A series of technical papers on Britain’s preparedness for a ‘No Deal’ Brexit have squashed lurid scare stories about the Army being deployed and the country running out of sandwiches, recently circulated in the national press.
EU loyalists such as Labour’s David Lammy MP — who reacted to the public’s vote for Brexit by pleading “Wake up. We do not have to do this. We can stop this madness through a vote in Parliament” just days after it happened — had claimed ministers were “drawing up blueprints for the army to deliver food, fuel, and medicine” in the event of ‘No Deal’.
Indeed, the British public were subject to a range of ‘No Deal’ scare stories — dubbed Project Fear 2.0 — from the moment Parliament broke up for the summer recess, with claims that not only would the military be deployed, but the country would become vulnerable to a super-gonorrhoea epidemic and run out of sandwiches, among other catastrophes.
But Brexit Secretary Dominic Raab MP confirmed on August 23rd that rumours “a ‘No Deal’ Brexit could spark a ‘sandwich famine’ in the UK, or that we’ve asked the Army to deliver food supplies” were false.
"You will still be able to enjoy a BLT" – Brexit secretary @DominicRaab shoots down fears of a potential "sandwich famine" in the event of a #NoDealBrexit https://t.co/DKjbptXXpT pic.twitter.com/9PaH7TOqpI
— BBC Politics (@BBCPolitics) August 23, 2018
“In reality, our food and drink supply is diverse,” Raab explained, pointing to figures which show that in 2016 Britain’s own farmers supplied half of the country’s food, with a further 20 percent coming from the world beyond the EU, and just 30 percent from the bloc itself.
Moreover, it is quite possible EU producers could lose much of even this share of the British market once Britain regains its powers to sign its trade agreement with countries such as Australia and New Zealand — major food suppliers before Britain joined the EU/EEC in the 1970s.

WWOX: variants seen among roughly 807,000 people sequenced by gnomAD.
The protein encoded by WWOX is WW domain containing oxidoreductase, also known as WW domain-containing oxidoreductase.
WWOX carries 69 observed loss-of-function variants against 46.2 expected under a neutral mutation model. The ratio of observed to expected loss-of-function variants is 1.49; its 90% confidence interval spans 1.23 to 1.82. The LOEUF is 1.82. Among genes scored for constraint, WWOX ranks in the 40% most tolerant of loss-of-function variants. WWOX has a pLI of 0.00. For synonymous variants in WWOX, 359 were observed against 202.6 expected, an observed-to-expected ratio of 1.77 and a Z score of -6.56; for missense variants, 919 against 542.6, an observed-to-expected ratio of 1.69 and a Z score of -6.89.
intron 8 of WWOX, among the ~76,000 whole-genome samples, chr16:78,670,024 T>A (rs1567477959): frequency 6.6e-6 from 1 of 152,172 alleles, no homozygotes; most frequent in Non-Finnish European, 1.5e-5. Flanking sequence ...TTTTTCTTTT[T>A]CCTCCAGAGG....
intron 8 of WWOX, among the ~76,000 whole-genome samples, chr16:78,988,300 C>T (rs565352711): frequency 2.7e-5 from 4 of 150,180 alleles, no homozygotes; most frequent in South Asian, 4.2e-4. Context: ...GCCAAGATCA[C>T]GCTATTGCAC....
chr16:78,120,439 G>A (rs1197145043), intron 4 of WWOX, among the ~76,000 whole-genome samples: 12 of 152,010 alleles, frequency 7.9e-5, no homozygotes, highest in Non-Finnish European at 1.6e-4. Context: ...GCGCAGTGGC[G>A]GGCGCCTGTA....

“Who is credibly suggesting, in a ‘No Deal’ scenario, that the EU would not want to continue to sell food to UK consumers [anyway]?” Raab asked rhetorically.
— Sky News (@SkyNews) August 23, 2018
Raab did say he thought a ‘No Deal’ would be “regrettable” and was not likely, but stressed that “a balanced appraisal [of the scenario] should recognise that there would also be some countervailing opportunities.”
These would include “immediate recovery of full legislative and regulatory control, including over immigration policy; the unfettered ability to lower tariffs [and] bring into effect new free trade deals that we negotiate straight away, and… a swifter end to our financial contributions to the EU,” he observed.
Because before 1973 there was no NHS. https://t.co/HK1GQEr86T
— Euro Guido (@EuroGuido) August 23, 2018
Remain-leaning politicians and media commentators were at pains to stress proposals to ensure medical companies have an extra six-weeks’ supply ready in the event of ‘No Deal’, characterising this as Britain “needing to stockpile life-saving medicine”.
However, this appears to be an exaggeration, with Health Secretary Matthew Hancock making it clear the measure is only intended to ensure “continuity of supply” to manage “delays at the border that may arise in the short term” if customs arrangements with the EU change.
Hancock was very firm on there being no need for clinicians to hoard medicine, and indicated that any who did so could be disciplined: “Hospitals, GPs and community pharmacies throughout the UK do not need to take any steps to stockpile additional medicines, beyond their business as usual stock levels,” he wrote in a bolded section of his letter to healthcare providers.
“There is also no need for clinicians to write longer NHS prescriptions. Local stockpiling is not necessary and any incidences involving the over ordering of medicines will be investigated and followed up with the relevant Chief or Responsible Pharmacist directly,” he added.